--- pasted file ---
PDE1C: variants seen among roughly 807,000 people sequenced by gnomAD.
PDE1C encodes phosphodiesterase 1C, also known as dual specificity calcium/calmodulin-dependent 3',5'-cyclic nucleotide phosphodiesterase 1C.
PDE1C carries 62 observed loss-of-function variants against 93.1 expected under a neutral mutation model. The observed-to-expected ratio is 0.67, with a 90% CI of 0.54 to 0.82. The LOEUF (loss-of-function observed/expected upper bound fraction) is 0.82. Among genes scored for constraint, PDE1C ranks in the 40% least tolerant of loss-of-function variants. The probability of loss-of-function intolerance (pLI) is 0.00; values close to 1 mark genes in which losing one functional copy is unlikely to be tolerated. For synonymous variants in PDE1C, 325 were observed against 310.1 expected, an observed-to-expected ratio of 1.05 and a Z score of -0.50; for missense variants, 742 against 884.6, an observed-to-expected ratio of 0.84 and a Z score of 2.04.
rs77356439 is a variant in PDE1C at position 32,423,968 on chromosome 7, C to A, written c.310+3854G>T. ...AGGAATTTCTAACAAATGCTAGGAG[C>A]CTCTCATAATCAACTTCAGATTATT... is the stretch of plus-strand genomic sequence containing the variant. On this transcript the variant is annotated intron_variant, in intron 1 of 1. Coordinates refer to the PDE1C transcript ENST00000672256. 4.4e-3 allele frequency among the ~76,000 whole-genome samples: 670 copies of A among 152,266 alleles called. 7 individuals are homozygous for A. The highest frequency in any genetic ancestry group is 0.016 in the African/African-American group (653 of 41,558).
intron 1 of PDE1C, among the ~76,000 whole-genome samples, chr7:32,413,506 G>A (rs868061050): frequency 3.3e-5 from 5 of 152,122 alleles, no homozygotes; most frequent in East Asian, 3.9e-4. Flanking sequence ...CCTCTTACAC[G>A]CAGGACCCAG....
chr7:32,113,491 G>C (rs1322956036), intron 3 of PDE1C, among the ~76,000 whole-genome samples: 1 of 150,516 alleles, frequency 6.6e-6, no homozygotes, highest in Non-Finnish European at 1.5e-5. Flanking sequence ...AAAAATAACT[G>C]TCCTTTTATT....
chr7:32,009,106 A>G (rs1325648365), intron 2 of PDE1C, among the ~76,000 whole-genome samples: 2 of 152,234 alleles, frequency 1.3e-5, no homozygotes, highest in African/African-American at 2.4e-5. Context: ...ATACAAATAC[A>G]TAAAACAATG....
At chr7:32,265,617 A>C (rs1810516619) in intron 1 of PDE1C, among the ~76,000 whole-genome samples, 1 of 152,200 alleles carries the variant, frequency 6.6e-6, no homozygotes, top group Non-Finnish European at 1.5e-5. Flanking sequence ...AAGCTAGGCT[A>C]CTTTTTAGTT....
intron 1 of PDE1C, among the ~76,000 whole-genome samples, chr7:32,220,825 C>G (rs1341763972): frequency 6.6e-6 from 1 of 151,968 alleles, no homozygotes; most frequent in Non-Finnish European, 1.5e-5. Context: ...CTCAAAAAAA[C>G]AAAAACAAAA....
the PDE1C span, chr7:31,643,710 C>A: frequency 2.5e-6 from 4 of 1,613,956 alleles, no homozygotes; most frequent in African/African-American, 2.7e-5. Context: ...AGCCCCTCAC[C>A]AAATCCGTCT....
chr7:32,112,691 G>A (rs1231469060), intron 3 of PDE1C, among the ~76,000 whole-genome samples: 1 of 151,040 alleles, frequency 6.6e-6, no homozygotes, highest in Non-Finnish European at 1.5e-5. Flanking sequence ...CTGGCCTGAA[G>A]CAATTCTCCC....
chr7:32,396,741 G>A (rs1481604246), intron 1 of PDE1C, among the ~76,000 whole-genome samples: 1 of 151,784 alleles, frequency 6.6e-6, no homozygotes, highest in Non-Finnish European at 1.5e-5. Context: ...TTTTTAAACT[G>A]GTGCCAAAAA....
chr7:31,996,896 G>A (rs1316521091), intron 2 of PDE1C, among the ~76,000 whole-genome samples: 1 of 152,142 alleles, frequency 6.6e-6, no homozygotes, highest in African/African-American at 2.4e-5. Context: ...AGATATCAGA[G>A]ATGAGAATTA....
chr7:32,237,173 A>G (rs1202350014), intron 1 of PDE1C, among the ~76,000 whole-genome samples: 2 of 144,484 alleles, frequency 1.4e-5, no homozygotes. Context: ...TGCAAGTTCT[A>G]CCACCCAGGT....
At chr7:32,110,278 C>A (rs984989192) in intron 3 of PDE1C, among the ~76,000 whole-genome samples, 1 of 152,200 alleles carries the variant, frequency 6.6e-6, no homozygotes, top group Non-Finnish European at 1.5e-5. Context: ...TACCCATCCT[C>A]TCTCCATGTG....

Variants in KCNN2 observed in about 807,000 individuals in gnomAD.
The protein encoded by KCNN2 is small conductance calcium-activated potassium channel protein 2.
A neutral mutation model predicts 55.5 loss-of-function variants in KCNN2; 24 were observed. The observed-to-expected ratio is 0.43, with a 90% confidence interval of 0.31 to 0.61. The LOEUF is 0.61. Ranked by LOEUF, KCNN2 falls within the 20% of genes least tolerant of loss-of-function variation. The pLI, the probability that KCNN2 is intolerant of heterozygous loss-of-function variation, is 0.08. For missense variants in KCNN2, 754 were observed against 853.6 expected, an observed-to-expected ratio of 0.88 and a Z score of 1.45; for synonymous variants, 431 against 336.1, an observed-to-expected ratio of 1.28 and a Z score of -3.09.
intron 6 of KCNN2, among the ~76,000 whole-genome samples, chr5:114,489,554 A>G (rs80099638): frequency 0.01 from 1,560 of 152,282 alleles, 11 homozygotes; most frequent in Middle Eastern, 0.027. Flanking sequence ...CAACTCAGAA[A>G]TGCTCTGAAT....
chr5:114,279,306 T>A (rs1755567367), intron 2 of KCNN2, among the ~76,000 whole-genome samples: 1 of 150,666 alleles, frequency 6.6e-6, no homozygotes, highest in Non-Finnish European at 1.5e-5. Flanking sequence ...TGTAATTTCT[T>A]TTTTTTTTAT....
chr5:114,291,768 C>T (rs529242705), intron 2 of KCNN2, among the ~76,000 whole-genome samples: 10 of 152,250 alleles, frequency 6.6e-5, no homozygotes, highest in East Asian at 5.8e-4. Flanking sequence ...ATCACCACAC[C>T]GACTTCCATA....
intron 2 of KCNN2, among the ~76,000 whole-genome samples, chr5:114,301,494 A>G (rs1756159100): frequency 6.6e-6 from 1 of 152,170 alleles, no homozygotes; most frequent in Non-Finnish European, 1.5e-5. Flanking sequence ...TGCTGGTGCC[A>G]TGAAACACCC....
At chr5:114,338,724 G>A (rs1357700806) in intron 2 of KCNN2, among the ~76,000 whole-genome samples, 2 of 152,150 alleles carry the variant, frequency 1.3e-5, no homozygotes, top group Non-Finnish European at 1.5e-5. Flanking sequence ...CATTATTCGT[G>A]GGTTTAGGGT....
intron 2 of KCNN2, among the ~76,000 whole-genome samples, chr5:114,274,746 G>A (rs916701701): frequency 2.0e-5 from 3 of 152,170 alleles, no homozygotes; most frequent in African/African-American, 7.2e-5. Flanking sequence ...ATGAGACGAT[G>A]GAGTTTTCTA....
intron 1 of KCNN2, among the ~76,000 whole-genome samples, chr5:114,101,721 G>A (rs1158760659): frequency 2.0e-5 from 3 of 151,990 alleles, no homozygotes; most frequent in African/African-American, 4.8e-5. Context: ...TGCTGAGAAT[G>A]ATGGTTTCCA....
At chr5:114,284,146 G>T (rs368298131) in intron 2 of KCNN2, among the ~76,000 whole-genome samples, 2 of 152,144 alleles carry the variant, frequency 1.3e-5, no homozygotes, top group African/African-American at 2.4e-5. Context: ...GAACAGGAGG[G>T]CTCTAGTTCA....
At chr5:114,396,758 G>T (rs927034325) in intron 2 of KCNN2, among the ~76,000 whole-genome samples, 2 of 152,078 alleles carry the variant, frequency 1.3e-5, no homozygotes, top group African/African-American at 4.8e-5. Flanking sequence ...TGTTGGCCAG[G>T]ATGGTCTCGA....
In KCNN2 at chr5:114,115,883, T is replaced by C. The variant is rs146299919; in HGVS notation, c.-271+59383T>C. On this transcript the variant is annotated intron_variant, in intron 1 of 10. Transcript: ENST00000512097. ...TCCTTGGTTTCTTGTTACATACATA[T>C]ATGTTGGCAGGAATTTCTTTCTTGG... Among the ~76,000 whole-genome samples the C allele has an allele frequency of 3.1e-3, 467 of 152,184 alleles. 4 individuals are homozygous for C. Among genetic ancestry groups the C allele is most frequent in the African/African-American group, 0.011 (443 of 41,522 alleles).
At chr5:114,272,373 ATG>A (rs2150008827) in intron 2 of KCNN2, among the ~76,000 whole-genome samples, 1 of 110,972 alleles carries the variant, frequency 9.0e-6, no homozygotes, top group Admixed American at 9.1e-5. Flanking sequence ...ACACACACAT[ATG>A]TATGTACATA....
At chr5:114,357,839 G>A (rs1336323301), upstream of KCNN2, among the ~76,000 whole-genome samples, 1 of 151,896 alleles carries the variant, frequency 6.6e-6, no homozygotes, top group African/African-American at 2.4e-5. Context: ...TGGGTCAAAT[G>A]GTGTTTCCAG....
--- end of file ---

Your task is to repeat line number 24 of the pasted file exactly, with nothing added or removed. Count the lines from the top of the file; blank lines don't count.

intron 2 of KCNN2, among the ~76,000 whole-genome samples, chr5:114,274,746 G>A (rs916701701): frequency 2.0e-5 from 3 of 152,170 alleles, no homozygotes; most frequent in African/African-American, 7.2e-5. Flanking sequence ...ATGAGACGAT[G>A]GAGTTTTCTA....